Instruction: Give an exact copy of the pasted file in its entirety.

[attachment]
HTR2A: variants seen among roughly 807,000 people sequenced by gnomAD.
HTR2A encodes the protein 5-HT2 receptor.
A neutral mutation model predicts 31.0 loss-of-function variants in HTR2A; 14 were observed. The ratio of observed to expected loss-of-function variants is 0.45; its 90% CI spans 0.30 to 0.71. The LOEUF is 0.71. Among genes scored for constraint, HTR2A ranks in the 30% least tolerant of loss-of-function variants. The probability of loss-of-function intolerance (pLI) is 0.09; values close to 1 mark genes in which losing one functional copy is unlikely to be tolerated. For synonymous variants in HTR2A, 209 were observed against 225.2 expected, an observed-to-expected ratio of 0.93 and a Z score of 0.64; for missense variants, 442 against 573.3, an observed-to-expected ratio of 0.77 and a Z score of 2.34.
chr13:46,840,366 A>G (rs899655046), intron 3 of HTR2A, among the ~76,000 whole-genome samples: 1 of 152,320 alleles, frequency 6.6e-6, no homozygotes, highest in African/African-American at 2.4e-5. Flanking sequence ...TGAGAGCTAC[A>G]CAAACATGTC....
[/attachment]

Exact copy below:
HTR2A: variants seen among roughly 807,000 people sequenced by gnomAD.
HTR2A encodes the protein 5-HT2 receptor.
A neutral mutation model predicts 31.0 loss-of-function variants in HTR2A; 14 were observed. The ratio of observed to expected loss-of-function variants is 0.45; its 90% CI spans 0.30 to 0.71. The LOEUF is 0.71. Among genes scored for constraint, HTR2A ranks in the 30% least tolerant of loss-of-function variants. The probability of loss-of-function intolerance (pLI) is 0.09; values close to 1 mark genes in which losing one functional copy is unlikely to be tolerated. For synonymous variants in HTR2A, 209 were observed against 225.2 expected, an observed-to-expected ratio of 0.93 and a Z score of 0.64; for missense variants, 442 against 573.3, an observed-to-expected ratio of 0.77 and a Z score of 2.34.
chr13:46,840,366 A>G (rs899655046), intron 3 of HTR2A, among the ~76,000 whole-genome samples: 1 of 152,320 alleles, frequency 6.6e-6, no homozygotes, highest in African/African-American at 2.4e-5. Flanking sequence ...TGAGAGCTAC[A>G]CAAACATGTC....